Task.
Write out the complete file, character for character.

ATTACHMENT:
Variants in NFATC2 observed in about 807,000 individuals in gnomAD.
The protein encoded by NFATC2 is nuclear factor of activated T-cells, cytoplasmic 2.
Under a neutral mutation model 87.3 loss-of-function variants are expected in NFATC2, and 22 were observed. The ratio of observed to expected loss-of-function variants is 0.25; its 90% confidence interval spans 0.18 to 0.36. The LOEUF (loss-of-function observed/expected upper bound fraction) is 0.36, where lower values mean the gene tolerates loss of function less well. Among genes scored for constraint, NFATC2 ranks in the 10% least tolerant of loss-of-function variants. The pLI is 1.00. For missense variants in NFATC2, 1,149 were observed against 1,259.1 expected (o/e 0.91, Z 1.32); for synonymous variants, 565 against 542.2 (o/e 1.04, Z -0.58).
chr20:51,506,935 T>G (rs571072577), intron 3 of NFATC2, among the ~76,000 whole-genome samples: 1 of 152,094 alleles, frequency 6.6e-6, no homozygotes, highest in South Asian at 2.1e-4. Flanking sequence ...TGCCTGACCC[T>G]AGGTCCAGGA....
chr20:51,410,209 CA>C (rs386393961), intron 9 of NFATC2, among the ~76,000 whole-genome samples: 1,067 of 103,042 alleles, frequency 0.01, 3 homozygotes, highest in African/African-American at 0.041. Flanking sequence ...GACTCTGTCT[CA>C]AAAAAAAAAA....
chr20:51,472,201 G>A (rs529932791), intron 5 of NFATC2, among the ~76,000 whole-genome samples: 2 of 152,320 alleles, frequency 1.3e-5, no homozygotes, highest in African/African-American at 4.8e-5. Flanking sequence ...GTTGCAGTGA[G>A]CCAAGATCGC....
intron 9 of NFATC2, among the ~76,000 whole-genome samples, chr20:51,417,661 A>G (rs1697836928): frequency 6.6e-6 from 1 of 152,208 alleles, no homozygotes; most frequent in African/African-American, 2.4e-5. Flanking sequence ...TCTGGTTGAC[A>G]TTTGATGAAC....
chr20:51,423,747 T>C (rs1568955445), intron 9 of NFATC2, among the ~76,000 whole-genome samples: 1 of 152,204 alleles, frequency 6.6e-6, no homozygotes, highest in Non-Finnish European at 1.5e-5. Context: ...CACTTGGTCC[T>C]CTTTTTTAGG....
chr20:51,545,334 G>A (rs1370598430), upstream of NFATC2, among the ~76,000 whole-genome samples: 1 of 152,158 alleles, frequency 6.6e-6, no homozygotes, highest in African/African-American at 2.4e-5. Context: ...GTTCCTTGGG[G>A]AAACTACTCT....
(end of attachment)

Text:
Variants in NFATC2 observed in about 807,000 individuals in gnomAD.
The protein encoded by NFATC2 is nuclear factor of activated T-cells, cytoplasmic 2.
Under a neutral mutation model 87.3 loss-of-function variants are expected in NFATC2, and 22 were observed. The ratio of observed to expected loss-of-function variants is 0.25; its 90% confidence interval spans 0.18 to 0.36. The LOEUF (loss-of-function observed/expected upper bound fraction) is 0.36, where lower values mean the gene tolerates loss of function less well. Among genes scored for constraint, NFATC2 ranks in the 10% least tolerant of loss-of-function variants. The pLI is 1.00. For missense variants in NFATC2, 1,149 were observed against 1,259.1 expected (o/e 0.91, Z 1.32); for synonymous variants, 565 against 542.2 (o/e 1.04, Z -0.58).
chr20:51,506,935 T>G (rs571072577), intron 3 of NFATC2, among the ~76,000 whole-genome samples: 1 of 152,094 alleles, frequency 6.6e-6, no homozygotes, highest in South Asian at 2.1e-4. Flanking sequence ...TGCCTGACCC[T>G]AGGTCCAGGA....
chr20:51,410,209 CA>C (rs386393961), intron 9 of NFATC2, among the ~76,000 whole-genome samples: 1,067 of 103,042 alleles, frequency 0.01, 3 homozygotes, highest in African/African-American at 0.041. Flanking sequence ...GACTCTGTCT[CA>C]AAAAAAAAAA....
chr20:51,472,201 G>A (rs529932791), intron 5 of NFATC2, among the ~76,000 whole-genome samples: 2 of 152,320 alleles, frequency 1.3e-5, no homozygotes, highest in African/African-American at 4.8e-5. Flanking sequence ...GTTGCAGTGA[G>A]CCAAGATCGC....
intron 9 of NFATC2, among the ~76,000 whole-genome samples, chr20:51,417,661 A>G (rs1697836928): frequency 6.6e-6 from 1 of 152,208 alleles, no homozygotes; most frequent in African/African-American, 2.4e-5. Flanking sequence ...TCTGGTTGAC[A>G]TTTGATGAAC....
chr20:51,423,747 T>C (rs1568955445), intron 9 of NFATC2, among the ~76,000 whole-genome samples: 1 of 152,204 alleles, frequency 6.6e-6, no homozygotes, highest in Non-Finnish European at 1.5e-5. Context: ...CACTTGGTCC[T>C]CTTTTTTAGG....
chr20:51,545,334 G>A (rs1370598430), upstream of NFATC2, among the ~76,000 whole-genome samples: 1 of 152,158 alleles, frequency 6.6e-6, no homozygotes, highest in African/African-American at 2.4e-5. Context: ...GTTCCTTGGG[G>A]AAACTACTCT....